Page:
Singapore home prices – The slow decline

Prices of residential properties, both private and public, may see a slow but continued decline in 2015. This year, the resale non-landed property market was ruled by an undulating price chart. After a recent rise in prices in October, prices once again fell in November. Property experts have found it impossible to predict future trends from such irregular movements and can only report the figures as they are.

Photo by ThinkStock.

Photo by ThinkStock.

In October for example, despite an increase in the number of mortgage sales and non-performing loans, prices of resale homes picked up nevertheless. Most of the information comes from URA’s quarterly statistics of private property transactions with caveats lodged. This however may not truly reflect home sales volume and prices, as they exclude factors such as developers’ discounts and rebates. But URA has mentioned disclosing prices of individual units in the near future. And perhaps a more frequent report would be helpful to the industry.

On the HDB resale front, the Minister for National Development, Mr. Khaw Boon Wan, has said that he hoped to see “single digit” fall in prices in 2015, indicating a gentle and gradual decline similar to that in 2014. The government is likely to tread lightly in this area as a drastic fall in home prices will bring about dissent from current home owners and will possibly affect their position in the next election. Buyers can expect a fall of about 8 per cent next year.

Decline of home prices not reflective of cooling measures’ power

It all boils down to holding power. Of both buyers with their mortgages and home loans; and developers with their unsold units. Despite a year of seemingly repressed property market growth, the actual decline in home prices as a direct effect of the property cooling measures may not be as steep as it feels like. In fact, URA figures show only a 3.9 per cent drop in prices since Oct 1 of 2013 to 30 Sept of this year.

TheVermontCairnhillSince the property boom of 2009, home prices have increased 65 per cent till the end of 2013. Whereas the drop this year is a mere 4 per cent. Which means, property prices are still more than double of what they were before 2009.

Though the average total quantum price of homes may have dropped, the psf prices are maintained at a reasonable level as the main change comes from the diminishing property sizes. Though buyers’ affordability now ranges between $1million to $1.3 million, figures which have held steady for the past 5 years; the median sizes of new homes have fallen from 1, 195 sq ft in 2009 to 753 sq ft in 2014. This is a sure sign that developers are still holding on to their asking prices while giving less in terms of liveable space.

Resale homes are holding up better than new homes however, with a 3 per cent drop as compared to a 6 per cent drop of the latter. This is largely due to developers’ offers of discounts on unsold units. Examples of these can be seen at The Vermont At Cairnhill, and also at Sky Habitat, where more units were moved after a 10 to 15 per cent cut in prices.

Moving into the new year, property analysts are expecting sales volume of next year to be similar to 2014’s, though home prices are unlikely to experience a drastic drop. Rather, a gentle decline into a comfortable equilibrium is what most experts are prone to agree on.

More transparency with Property prices

The Urban Redevelopment Authority (URA) has recently hinted that even clearer property transaction price trends will be provided publicly come 2015. Within the first half of the year, property players, the buying public, and even policymakers will be able to get their hands on prices of individual units in developer-sold properties.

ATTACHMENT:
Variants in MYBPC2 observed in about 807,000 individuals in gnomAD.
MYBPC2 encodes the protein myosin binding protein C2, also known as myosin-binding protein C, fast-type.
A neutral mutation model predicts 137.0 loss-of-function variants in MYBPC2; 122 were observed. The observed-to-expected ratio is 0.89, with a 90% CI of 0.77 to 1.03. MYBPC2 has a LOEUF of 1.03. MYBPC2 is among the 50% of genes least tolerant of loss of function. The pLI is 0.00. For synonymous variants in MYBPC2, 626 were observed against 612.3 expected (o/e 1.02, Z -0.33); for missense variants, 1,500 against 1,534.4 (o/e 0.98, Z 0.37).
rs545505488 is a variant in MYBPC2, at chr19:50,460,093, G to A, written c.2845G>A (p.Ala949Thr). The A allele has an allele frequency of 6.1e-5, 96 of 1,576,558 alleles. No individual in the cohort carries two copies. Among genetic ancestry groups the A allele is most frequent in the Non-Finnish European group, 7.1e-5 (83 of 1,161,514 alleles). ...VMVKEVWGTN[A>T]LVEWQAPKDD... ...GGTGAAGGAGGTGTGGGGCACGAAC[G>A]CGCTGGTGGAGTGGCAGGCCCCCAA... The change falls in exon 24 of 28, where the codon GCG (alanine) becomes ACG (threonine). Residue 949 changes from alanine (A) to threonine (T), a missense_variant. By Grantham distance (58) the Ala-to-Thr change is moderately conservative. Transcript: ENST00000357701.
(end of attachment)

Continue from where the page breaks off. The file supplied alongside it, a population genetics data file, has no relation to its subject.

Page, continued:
URA 2

Photo credit: Urban Redevelopment Authority (URA).

This may level the playing field as currently, even though median prices of units in each residential project is shown on the URA website, only when units have been purchased, and only those with caveats lodged with the URA will have their prices disclosed.

Part of the reason for the change could be the fact that more developers have been offering discounts and rebates of sorts on new units, ever since the cooling measures kicked in, which meant affordability have decreased and total quantum value has now become the new unit of measurement. As these discounts are often not registered in the caveats, the prices disclosed may not paint the entire picture.
iProperty price transaction page

Source: iProperty.com.sg

Buyers may be able to now better negotiate their deals instead of relying on developers’ statistics. How will this impact the market and while transparency is a mature way of moving forward, will developers be able to withstand the continued price decline? Or perhaps the question would be, how long more before prices hit the bottom of the curve and begin its upward climb?

Glimmer of hope for Private resale homes?

Although the total number of private resale homes sold were lower in October than September, prices have begun to rise slightly. According to latest data, non-landed private home prices rose 0.4 per cent in last month. In suburban districts often popular with buyers such as Bishan, Toa Payoh, Little India, Geylang and Queenstown, prices rose 0.6 per cent. Transactions and prices of prime district properties however remained quiet, falling in fact by 0.3 per cent.

Okio Residences in Balestier.

Okio Residences in Balestier.

Have overall property prices fallen sufficiently? And have they reached the lowest point of the property cycle? If so, how long will this low point last? Private property prices have been low for quite some time now, maintaining a steady level in terms of pricing and transaction volume for almost half a year. The government has said that they will not relax the cooling measures anytime soon, perhaps in fear of a huge and quick rebound which may bring prices up even higher than before the curbs were put in place. They could also be giving the measures a bit more time to sink in, to further bring down home prices and getting the industry and public used to these measures.

Property experts are expecting prices to decline even further in the short term. Would this be the best time to invest? And how would you go about investing? Is it best to move away from residential property into commercial property? Or are there certain property types with hidden long term value?